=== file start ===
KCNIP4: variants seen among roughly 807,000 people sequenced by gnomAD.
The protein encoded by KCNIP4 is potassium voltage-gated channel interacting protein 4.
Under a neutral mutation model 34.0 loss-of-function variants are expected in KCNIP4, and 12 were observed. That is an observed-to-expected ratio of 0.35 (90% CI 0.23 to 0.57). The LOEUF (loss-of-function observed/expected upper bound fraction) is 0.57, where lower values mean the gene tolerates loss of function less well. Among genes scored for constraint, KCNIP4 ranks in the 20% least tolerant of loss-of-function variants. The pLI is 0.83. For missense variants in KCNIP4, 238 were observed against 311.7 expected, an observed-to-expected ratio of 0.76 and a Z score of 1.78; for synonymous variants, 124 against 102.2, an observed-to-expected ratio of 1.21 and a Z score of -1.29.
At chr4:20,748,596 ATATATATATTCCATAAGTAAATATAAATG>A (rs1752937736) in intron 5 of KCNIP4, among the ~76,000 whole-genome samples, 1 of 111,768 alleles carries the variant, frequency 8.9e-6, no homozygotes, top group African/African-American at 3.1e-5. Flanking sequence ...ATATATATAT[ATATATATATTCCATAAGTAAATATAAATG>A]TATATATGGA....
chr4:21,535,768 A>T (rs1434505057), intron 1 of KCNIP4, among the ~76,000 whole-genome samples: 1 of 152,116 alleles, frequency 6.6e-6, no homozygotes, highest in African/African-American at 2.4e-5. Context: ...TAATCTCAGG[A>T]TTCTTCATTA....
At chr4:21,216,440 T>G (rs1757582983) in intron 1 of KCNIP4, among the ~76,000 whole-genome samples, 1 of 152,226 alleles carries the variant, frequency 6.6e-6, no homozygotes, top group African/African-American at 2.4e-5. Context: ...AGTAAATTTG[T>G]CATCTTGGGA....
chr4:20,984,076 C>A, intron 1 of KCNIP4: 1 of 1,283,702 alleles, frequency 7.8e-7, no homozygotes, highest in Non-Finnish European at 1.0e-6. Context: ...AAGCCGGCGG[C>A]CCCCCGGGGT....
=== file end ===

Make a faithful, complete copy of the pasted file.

KCNIP4: variants seen among roughly 807,000 people sequenced by gnomAD.
The protein encoded by KCNIP4 is potassium voltage-gated channel interacting protein 4.
Under a neutral mutation model 34.0 loss-of-function variants are expected in KCNIP4, and 12 were observed. That is an observed-to-expected ratio of 0.35 (90% CI 0.23 to 0.57). The LOEUF (loss-of-function observed/expected upper bound fraction) is 0.57, where lower values mean the gene tolerates loss of function less well. Among genes scored for constraint, KCNIP4 ranks in the 20% least tolerant of loss-of-function variants. The pLI is 0.83. For missense variants in KCNIP4, 238 were observed against 311.7 expected, an observed-to-expected ratio of 0.76 and a Z score of 1.78; for synonymous variants, 124 against 102.2, an observed-to-expected ratio of 1.21 and a Z score of -1.29.
At chr4:20,748,596 ATATATATATTCCATAAGTAAATATAAATG>A (rs1752937736) in intron 5 of KCNIP4, among the ~76,000 whole-genome samples, 1 of 111,768 alleles carries the variant, frequency 8.9e-6, no homozygotes, top group African/African-American at 3.1e-5. Flanking sequence ...ATATATATAT[ATATATATATTCCATAAGTAAATATAAATG>A]TATATATGGA....
chr4:21,535,768 A>T (rs1434505057), intron 1 of KCNIP4, among the ~76,000 whole-genome samples: 1 of 152,116 alleles, frequency 6.6e-6, no homozygotes, highest in African/African-American at 2.4e-5. Context: ...TAATCTCAGG[A>T]TTCTTCATTA....
At chr4:21,216,440 T>G (rs1757582983) in intron 1 of KCNIP4, among the ~76,000 whole-genome samples, 1 of 152,226 alleles carries the variant, frequency 6.6e-6, no homozygotes, top group African/African-American at 2.4e-5. Context: ...AGTAAATTTG[T>G]CATCTTGGGA....
chr4:20,984,076 C>A, intron 1 of KCNIP4: 1 of 1,283,702 alleles, frequency 7.8e-7, no homozygotes, highest in Non-Finnish European at 1.0e-6. Context: ...AAGCCGGCGG[C>A]CCCCCGGGGT....